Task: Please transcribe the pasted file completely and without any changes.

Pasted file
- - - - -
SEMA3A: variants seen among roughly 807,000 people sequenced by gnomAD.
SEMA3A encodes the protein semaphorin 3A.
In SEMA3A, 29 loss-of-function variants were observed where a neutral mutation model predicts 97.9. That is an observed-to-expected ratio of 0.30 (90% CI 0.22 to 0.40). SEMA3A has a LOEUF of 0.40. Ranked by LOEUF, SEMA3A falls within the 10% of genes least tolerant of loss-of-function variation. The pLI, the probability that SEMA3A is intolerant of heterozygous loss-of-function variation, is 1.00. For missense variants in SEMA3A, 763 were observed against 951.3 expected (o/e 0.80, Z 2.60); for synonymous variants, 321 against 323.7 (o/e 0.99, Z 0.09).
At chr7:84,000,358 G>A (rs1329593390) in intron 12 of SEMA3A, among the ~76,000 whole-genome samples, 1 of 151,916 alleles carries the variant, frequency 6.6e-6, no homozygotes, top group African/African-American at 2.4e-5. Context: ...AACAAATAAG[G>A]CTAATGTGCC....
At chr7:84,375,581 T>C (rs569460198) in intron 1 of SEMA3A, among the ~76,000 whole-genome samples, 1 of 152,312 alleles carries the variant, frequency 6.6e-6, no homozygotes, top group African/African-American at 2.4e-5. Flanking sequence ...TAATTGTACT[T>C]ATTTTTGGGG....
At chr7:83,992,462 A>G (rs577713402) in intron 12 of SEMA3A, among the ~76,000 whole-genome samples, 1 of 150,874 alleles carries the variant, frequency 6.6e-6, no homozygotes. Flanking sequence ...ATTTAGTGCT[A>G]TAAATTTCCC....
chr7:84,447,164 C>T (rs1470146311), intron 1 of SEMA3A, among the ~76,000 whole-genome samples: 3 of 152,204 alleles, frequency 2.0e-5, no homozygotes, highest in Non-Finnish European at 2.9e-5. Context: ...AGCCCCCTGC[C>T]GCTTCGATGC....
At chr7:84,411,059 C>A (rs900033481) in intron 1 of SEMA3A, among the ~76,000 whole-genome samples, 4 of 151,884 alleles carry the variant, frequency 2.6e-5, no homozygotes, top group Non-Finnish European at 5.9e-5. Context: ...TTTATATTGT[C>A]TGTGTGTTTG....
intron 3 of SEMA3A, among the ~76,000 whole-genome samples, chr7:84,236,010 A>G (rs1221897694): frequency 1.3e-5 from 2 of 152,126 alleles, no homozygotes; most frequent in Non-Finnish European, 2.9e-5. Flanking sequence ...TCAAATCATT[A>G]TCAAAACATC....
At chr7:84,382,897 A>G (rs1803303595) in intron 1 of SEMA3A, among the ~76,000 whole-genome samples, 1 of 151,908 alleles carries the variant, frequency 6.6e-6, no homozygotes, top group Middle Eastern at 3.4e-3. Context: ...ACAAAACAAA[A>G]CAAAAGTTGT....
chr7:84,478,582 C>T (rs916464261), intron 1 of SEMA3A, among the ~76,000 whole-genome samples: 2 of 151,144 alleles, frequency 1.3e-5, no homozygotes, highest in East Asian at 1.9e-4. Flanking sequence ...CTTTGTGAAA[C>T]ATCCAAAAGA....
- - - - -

SEMA3A: variants seen among roughly 807,000 people sequenced by gnomAD.
SEMA3A encodes the protein semaphorin 3A.
In SEMA3A, 29 loss-of-function variants were observed where a neutral mutation model predicts 97.9. That is an observed-to-expected ratio of 0.30 (90% CI 0.22 to 0.40). SEMA3A has a LOEUF of 0.40. Ranked by LOEUF, SEMA3A falls within the 10% of genes least tolerant of loss-of-function variation. The pLI, the probability that SEMA3A is intolerant of heterozygous loss-of-function variation, is 1.00. For missense variants in SEMA3A, 763 were observed against 951.3 expected (o/e 0.80, Z 2.60); for synonymous variants, 321 against 323.7 (o/e 0.99, Z 0.09).
At chr7:84,000,358 G>A (rs1329593390) in intron 12 of SEMA3A, among the ~76,000 whole-genome samples, 1 of 151,916 alleles carries the variant, frequency 6.6e-6, no homozygotes, top group African/African-American at 2.4e-5. Context: ...AACAAATAAG[G>A]CTAATGTGCC....
At chr7:84,375,581 T>C (rs569460198) in intron 1 of SEMA3A, among the ~76,000 whole-genome samples, 1 of 152,312 alleles carries the variant, frequency 6.6e-6, no homozygotes, top group African/African-American at 2.4e-5. Flanking sequence ...TAATTGTACT[T>C]ATTTTTGGGG....
At chr7:83,992,462 A>G (rs577713402) in intron 12 of SEMA3A, among the ~76,000 whole-genome samples, 1 of 150,874 alleles carries the variant, frequency 6.6e-6, no homozygotes. Flanking sequence ...ATTTAGTGCT[A>G]TAAATTTCCC....
chr7:84,447,164 C>T (rs1470146311), intron 1 of SEMA3A, among the ~76,000 whole-genome samples: 3 of 152,204 alleles, frequency 2.0e-5, no homozygotes, highest in Non-Finnish European at 2.9e-5. Context: ...AGCCCCCTGC[C>T]GCTTCGATGC....
At chr7:84,411,059 C>A (rs900033481) in intron 1 of SEMA3A, among the ~76,000 whole-genome samples, 4 of 151,884 alleles carry the variant, frequency 2.6e-5, no homozygotes, top group Non-Finnish European at 5.9e-5. Context: ...TTTATATTGT[C>A]TGTGTGTTTG....
intron 3 of SEMA3A, among the ~76,000 whole-genome samples, chr7:84,236,010 A>G (rs1221897694): frequency 1.3e-5 from 2 of 152,126 alleles, no homozygotes; most frequent in Non-Finnish European, 2.9e-5. Flanking sequence ...TCAAATCATT[A>G]TCAAAACATC....
At chr7:84,382,897 A>G (rs1803303595) in intron 1 of SEMA3A, among the ~76,000 whole-genome samples, 1 of 151,908 alleles carries the variant, frequency 6.6e-6, no homozygotes, top group Middle Eastern at 3.4e-3. Context: ...ACAAAACAAA[A>G]CAAAAGTTGT....
chr7:84,478,582 C>T (rs916464261), intron 1 of SEMA3A, among the ~76,000 whole-genome samples: 2 of 151,144 alleles, frequency 1.3e-5, no homozygotes, highest in East Asian at 1.9e-4. Flanking sequence ...CTTTGTGAAA[C>T]ATCCAAAAGA....